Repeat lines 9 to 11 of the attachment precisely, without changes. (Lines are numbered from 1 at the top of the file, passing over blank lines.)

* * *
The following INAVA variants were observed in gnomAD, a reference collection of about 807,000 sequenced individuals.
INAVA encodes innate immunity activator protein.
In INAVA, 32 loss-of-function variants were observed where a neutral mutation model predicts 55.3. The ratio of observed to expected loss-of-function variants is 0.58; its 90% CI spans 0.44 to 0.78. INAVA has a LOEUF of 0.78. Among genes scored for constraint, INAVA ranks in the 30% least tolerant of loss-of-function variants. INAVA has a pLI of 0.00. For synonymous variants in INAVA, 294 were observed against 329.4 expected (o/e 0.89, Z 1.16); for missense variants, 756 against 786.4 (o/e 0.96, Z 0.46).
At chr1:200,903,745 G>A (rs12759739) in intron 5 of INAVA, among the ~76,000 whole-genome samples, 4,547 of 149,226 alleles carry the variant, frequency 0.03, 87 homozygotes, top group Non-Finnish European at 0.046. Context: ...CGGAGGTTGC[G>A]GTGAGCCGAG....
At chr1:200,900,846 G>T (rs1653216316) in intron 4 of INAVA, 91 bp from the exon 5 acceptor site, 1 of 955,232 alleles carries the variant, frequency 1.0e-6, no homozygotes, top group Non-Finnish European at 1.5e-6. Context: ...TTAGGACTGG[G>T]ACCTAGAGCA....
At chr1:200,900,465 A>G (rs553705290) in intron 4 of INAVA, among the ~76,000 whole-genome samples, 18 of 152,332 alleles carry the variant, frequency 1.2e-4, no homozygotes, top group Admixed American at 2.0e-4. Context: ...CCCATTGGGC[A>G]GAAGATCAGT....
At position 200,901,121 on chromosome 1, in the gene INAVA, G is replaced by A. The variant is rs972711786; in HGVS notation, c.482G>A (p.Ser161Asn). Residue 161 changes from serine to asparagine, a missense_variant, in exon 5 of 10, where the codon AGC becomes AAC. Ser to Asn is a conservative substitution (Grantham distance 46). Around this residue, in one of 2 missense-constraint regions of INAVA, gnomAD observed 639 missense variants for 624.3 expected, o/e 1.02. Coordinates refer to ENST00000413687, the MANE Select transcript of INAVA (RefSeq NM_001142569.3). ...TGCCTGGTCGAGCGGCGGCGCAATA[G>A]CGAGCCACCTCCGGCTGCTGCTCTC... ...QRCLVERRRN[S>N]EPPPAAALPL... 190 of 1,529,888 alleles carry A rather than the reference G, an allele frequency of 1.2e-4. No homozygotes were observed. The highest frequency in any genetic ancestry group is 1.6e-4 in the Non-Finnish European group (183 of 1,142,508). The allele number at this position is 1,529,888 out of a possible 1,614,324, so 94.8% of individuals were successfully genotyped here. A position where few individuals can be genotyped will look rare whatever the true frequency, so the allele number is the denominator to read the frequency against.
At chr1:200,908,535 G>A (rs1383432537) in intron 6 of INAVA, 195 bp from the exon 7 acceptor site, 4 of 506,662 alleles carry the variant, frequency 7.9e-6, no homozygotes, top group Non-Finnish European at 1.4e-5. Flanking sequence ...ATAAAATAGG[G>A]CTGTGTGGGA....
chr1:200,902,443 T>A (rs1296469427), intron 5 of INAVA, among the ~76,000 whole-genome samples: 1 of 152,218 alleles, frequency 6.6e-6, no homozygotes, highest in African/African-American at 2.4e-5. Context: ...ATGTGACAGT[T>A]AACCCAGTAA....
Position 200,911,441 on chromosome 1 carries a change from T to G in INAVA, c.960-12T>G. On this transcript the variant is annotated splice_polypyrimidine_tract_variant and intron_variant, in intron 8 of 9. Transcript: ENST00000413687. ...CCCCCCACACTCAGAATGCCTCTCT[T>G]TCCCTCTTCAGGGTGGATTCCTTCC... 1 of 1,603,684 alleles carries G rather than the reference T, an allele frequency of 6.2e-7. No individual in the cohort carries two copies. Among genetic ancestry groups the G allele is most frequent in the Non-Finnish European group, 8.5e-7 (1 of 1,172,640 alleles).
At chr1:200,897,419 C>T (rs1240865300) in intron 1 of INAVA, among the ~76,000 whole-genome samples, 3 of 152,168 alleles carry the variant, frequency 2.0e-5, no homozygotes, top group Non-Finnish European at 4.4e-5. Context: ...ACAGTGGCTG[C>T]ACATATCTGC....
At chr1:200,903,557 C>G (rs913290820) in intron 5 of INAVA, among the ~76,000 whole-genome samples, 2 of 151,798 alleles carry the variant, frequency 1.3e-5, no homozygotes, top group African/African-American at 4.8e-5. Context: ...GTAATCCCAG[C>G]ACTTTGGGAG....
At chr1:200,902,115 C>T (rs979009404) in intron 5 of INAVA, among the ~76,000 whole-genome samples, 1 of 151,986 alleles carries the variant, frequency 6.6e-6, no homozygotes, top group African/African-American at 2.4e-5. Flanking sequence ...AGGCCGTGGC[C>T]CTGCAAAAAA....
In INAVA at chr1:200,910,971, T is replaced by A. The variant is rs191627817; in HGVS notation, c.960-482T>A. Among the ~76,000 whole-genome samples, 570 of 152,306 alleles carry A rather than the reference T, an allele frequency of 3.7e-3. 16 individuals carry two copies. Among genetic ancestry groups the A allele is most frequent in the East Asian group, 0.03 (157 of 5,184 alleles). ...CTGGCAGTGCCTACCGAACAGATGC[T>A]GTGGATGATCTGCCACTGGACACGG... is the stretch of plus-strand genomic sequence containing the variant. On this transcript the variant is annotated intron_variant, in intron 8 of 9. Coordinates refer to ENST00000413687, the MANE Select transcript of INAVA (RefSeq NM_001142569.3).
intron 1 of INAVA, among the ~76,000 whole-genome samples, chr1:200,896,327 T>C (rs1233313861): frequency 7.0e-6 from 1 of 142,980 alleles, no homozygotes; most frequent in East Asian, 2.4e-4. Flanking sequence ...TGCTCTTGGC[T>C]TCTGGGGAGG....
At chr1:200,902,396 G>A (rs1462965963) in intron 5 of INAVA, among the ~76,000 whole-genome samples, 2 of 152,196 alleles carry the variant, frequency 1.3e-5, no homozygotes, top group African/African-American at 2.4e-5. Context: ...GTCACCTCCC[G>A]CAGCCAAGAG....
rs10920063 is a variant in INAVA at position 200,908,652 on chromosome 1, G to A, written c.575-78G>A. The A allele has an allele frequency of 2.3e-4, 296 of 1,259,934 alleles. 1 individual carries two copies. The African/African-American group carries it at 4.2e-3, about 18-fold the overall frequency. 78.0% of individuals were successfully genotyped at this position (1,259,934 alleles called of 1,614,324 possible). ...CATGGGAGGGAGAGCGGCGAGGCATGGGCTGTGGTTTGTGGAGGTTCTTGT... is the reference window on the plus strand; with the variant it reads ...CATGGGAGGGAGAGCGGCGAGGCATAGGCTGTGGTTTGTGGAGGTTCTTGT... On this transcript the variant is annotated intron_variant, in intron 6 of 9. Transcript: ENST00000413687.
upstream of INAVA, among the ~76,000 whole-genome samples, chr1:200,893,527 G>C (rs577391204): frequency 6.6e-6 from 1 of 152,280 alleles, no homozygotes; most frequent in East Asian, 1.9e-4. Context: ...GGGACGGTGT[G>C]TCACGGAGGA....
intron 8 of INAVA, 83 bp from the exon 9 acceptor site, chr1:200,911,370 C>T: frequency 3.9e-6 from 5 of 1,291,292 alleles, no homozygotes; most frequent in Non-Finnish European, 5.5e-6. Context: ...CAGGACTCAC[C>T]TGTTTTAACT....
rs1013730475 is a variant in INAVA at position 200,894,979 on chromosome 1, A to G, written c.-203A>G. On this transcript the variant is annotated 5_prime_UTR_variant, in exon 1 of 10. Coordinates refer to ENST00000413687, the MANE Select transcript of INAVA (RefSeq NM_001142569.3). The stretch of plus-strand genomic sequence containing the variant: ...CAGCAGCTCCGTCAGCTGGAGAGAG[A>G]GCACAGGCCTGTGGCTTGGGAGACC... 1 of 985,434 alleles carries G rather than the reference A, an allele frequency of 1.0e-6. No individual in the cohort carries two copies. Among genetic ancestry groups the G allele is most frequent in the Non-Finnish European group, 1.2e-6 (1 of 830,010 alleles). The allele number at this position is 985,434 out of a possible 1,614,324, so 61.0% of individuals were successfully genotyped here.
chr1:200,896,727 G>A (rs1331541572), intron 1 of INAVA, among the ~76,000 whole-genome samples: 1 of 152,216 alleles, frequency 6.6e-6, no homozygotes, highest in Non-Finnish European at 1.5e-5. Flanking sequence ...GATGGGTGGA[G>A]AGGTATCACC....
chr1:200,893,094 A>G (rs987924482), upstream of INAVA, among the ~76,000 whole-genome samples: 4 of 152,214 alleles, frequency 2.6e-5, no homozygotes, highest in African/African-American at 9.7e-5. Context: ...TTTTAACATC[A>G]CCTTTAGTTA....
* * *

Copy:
chr1:200,902,443 T>A (rs1296469427), intron 5 of INAVA, among the ~76,000 whole-genome samples: 1 of 152,218 alleles, frequency 6.6e-6, no homozygotes, highest in African/African-American at 2.4e-5. Context: ...ATGTGACAGT[T>A]AACCCAGTAA....
Position 200,911,441 on chromosome 1 carries a change from T to G in INAVA, c.960-12T>G. On this transcript the variant is annotated splice_polypyrimidine_tract_variant and intron_variant, in intron 8 of 9. Transcript: ENST00000413687. ...CCCCCCACACTCAGAATGCCTCTCT[T>G]TCCCTCTTCAGGGTGGATTCCTTCC... 1 of 1,603,684 alleles carries G rather than the reference T, an allele frequency of 6.2e-7. No individual in the cohort carries two copies. Among genetic ancestry groups the G allele is most frequent in the Non-Finnish European group, 8.5e-7 (1 of 1,172,640 alleles).
At chr1:200,897,419 C>T (rs1240865300) in intron 1 of INAVA, among the ~76,000 whole-genome samples, 3 of 152,168 alleles carry the variant, frequency 2.0e-5, no homozygotes, top group Non-Finnish European at 4.4e-5. Context: ...ACAGTGGCTG[C>T]ACATATCTGC....